Anyway, we‘ll be right back.  This is great.  I‘m going to try to get everything I can out of this guy, Daniel Okrent, public editor for “The New York Times.”  He‘s the first one there ever was.

And don‘t forget, sign up for HARDBALL‘s daily e-mail briefing.  Just log on to our Web site, HARDBALL.MSNBC.com.


MATTHEWS:  Coming up, the report on Dan Rather‘s flawed report on President Bush‘s National Guard service is due out any day now.  What effect will it have on the news business?

HARDBALL is back after this.


MATTHEWS:  Welcome back to HARDBALL.  We‘re back with Daniel Okrent. 

He‘s public editor for “The New York Times.” 

Daniel, a lot of Americans, I guess on the right and many of them watching right now, would love your job because they think that “The New York Times” deserves kind of hard criticism.  Do you think it needed you? 

OKRENT:  I don‘t whether it needed me particularly.  I think that it needed somebody doing this. 

And I think it‘s really good for the paper because, if the paper shows that it‘s willing to be criticized in its own pages and to allow somebody to do this, it shows an openness that I think a lot of people wouldn‘t expect it from “The Times” and that it certainly didn‘t have in years past. 

MATTHEWS:  You said—in one of your great columns, you said that it‘s not about facts.  It‘s about fact selection, which of the facts you have at hand in front of you on a piece—like I used to, when I wrote a column, I would write 17 pieces of paper in front of me and I would write a column out of that, because they would all be little points I wanted to make.  But you said you can‘t use all the points and you have to put them in order.  And that is what journalism often comes down to, that choice.

OKRENT:  Right.

And you also have to decide whether you are going to put them on the top of the front page or bury them on page A-23. 

MATTHEWS:  That‘s the editor‘s decision.


OKRENT:  Absolutely.

And so every choice that‘s made is really an editorial choice and not simply a matter of objectivity.  And I think that the objectivity myth begins—really gets to be shown when you realize that I can decide that what I want to say about Chris Matthews, I could give you five facts and it may not be the Chris Matthews that his mother knew.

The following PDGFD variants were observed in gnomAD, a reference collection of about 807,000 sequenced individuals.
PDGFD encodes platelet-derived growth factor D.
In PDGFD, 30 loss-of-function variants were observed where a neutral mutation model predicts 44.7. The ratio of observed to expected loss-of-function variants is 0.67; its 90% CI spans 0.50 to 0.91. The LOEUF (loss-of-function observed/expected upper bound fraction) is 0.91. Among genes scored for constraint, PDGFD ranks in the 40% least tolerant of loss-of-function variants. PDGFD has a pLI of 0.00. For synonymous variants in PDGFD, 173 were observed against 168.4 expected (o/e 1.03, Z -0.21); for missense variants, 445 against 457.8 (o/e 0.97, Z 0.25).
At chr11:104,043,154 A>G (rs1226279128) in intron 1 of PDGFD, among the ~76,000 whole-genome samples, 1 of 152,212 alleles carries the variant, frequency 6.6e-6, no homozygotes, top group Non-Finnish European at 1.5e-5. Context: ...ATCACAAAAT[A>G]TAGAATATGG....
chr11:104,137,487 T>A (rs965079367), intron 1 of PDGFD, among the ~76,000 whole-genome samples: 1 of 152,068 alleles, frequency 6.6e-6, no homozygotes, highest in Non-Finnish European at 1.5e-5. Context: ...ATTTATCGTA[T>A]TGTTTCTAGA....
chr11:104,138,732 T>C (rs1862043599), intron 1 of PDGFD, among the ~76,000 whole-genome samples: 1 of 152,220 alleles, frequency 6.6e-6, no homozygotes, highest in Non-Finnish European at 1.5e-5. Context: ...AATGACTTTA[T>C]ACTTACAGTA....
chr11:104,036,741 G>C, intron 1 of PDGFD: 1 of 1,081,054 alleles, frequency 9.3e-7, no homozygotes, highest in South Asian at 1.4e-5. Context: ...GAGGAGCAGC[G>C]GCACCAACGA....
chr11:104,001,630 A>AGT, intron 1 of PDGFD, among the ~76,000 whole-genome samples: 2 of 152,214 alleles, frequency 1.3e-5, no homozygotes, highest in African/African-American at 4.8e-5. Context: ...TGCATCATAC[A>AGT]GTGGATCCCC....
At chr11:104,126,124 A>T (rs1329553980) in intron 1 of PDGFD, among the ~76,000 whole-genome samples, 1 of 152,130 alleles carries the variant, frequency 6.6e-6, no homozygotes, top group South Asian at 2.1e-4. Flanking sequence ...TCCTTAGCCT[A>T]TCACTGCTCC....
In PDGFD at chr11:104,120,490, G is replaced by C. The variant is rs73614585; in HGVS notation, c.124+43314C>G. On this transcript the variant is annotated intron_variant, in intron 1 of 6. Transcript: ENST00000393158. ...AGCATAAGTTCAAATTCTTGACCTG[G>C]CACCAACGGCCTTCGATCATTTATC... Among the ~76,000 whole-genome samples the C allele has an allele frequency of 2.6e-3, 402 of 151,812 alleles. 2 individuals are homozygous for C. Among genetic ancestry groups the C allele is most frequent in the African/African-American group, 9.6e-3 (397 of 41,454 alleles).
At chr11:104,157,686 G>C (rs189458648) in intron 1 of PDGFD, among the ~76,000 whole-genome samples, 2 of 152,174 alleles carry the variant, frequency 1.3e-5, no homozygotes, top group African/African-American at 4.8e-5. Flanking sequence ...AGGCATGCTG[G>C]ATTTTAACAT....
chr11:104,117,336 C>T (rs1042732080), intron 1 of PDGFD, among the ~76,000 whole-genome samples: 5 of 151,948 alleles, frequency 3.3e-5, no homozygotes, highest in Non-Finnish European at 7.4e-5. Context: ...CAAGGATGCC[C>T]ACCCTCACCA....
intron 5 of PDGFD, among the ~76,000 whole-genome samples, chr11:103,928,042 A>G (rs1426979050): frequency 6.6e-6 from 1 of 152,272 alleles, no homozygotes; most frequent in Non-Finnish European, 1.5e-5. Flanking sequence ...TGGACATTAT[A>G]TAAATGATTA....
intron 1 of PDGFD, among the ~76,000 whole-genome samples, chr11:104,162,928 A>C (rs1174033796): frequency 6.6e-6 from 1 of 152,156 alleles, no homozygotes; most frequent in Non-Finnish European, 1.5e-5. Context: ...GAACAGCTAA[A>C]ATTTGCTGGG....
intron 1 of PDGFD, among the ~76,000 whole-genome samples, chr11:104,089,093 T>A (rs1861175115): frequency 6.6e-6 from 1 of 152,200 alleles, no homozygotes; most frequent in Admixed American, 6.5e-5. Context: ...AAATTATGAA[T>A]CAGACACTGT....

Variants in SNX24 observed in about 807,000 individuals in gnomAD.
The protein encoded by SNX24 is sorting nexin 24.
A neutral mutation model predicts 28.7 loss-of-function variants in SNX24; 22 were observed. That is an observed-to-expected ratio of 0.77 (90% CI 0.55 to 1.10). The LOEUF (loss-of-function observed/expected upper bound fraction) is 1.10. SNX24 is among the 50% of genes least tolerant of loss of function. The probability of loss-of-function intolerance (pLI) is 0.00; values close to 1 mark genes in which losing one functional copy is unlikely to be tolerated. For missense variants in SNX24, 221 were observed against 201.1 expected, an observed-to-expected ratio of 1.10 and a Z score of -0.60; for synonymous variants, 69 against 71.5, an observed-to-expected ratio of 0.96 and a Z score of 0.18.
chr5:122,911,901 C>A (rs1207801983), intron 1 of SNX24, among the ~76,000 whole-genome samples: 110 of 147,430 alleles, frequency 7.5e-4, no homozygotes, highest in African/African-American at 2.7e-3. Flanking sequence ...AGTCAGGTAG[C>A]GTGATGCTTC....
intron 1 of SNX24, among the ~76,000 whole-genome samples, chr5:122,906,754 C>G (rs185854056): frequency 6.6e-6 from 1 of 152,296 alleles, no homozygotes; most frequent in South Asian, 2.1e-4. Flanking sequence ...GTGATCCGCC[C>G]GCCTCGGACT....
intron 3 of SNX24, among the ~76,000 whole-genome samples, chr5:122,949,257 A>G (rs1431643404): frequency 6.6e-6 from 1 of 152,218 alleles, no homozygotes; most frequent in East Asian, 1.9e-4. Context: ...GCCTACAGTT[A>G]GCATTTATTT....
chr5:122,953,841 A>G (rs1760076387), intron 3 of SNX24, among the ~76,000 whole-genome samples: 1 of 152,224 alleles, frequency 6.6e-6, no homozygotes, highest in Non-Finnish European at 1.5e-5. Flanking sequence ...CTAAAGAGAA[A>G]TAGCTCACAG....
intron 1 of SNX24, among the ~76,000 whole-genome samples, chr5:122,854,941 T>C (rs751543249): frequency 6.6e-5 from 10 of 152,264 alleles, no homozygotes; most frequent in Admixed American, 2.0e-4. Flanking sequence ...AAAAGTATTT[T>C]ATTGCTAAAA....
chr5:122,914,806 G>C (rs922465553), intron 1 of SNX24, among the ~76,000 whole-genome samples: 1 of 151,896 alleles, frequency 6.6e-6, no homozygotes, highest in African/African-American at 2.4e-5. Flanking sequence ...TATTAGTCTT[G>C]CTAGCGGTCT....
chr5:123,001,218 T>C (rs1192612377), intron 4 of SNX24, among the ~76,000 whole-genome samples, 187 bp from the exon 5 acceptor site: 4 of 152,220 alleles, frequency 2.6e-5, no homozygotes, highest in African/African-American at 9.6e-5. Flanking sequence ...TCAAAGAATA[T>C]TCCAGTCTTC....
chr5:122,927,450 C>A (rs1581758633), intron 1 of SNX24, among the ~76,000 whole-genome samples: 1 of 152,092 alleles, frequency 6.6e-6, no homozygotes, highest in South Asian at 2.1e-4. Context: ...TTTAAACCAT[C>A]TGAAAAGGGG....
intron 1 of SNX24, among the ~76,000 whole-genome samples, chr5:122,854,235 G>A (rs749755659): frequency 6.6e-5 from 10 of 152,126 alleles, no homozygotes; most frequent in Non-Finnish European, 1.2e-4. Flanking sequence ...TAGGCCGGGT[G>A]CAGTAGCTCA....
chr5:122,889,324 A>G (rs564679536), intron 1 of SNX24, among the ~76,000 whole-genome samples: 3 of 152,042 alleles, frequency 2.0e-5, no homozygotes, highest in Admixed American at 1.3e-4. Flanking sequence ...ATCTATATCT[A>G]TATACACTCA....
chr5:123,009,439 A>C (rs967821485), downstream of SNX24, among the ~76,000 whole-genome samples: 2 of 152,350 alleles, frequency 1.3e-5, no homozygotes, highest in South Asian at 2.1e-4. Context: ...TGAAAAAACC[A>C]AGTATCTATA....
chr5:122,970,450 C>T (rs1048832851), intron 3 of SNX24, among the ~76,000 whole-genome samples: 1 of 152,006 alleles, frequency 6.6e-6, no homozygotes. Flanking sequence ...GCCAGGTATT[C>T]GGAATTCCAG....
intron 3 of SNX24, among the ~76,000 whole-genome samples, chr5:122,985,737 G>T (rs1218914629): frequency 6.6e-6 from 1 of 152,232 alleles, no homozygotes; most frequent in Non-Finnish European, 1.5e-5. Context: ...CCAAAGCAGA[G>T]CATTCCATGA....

MATTHEWS:  Yes.  In the old days, “The Washington Post” would always have the negative economic news under Nixon and “The Washington Star” would have the good economic news.  Looking at the same Labor Department numbers, they would find what they liked.

Let me ask you about an unfair column.  I read Dick Cohen—and I like Dick Cohen—in “The Washington Post” this morning, who referred to Bob Novak as odious, personal shot. 

OKRENT:  Well, yes.

MATTHEWS:  Should columnists be prevented from just taking what are obviously personal—I‘ve been a victim of.  A guy named Chuck Conconi takes shots at me all the time in “The Washingtonian,” personal shots.  Is this something that belongs in column writing or not?


OKRENT:  There‘s a guy on the Web who has got a blog called “Who Doesn‘t Hate Daniel Okrent?”


OKRENT:  I think that, in column writing, you can‘t begin to say what‘s fair or not fair in column writing.

MATTHEWS:  Right. 

OKRENT:  Because somebody has opinions and maybe goes a little bit too far, but who‘s to tell them not to go too far?  Then it‘s not Dick Cohen any longer.


OKRENT:  And, presumably, we‘re paying to read him or in fact to not read him.  We‘re all free to ignore columnists we don‘t like.

MATTHEWS:  Let me ask you about corrections.  Do you think columnists should issue them? 

OKRENT:  Yes.  I absolutely do.  And I wish they would.

MATTHEWS:  I think Broder does.  I think David Broder does. 

OKRENT:  Yes. 

MATTHEWS:  I have noticed the good guys who do it and make an effort to clean up messes they may have created over the term of writing a column.

OKRENT:  Right. 

“The Times” didn‘t even have a policy on columnist corrections until this past February.  And I can‘t say that it‘s being practiced—it‘s put into practice as much as I would like to see it.  But they‘re moving in the right direction.  And certain columnists, Maureen Dowd particularly, she has a couple times very forthrightly come forward with corrections.  Tom Friedman does it.  Certain other columnists, you can‘t twist their arm enough to get them to do it.

MATTHEWS:  What do you make of the White House‘s decision never to give an interview to Tom Friedman? 


MATTHEWS:  Tom Brokaw was talking about that the other night, just total news management. 

OKRENT:  Yes.  I think it‘s ridiculous.  I think it‘s not only an insult to Friedman.  It‘s more.  It‘s an insult to the readers who read Friedman.  And it‘s an insult to our democracy. 

MATTHEWS:  If you were president of the United States, would you read Maureen Dowd every day or just try to enjoy your morning? 

OKRENT:  If I were president, I would resign immediately.


MATTHEWS:  Let me ask you about the Thornburgh commission.  Last question.  It‘s coming out.  It‘s an in-house effort by the CBS network news department to try to find out if they did anything wrong with regard to the president‘s National Guard records, particularly with regards to that story which used that document which turned out to be phony. 

Do you think it‘s going to shake up the newsroom of “The New York Times” as well? 

OKRENT:  No, I don‘t think so. 

Interestingly, “The Times” was on to that story as well.  I did some reporting.  They didn‘t go with it because they weren‘t confident in the documents.  And I think that it‘s clear that somebody at CBS made a terrible mistake. 

MATTHEWS:  Well, they didn‘t look at that typewriter.  Anyway, thank you very much.  It‘s great.  I don‘t know how we got you.  You‘re a great get, as we say in this business.

OKRENT:  Nice to talk to you.

MATTHEWS:  But I would love to have you come back sometimes. 

OKRENT:  I will.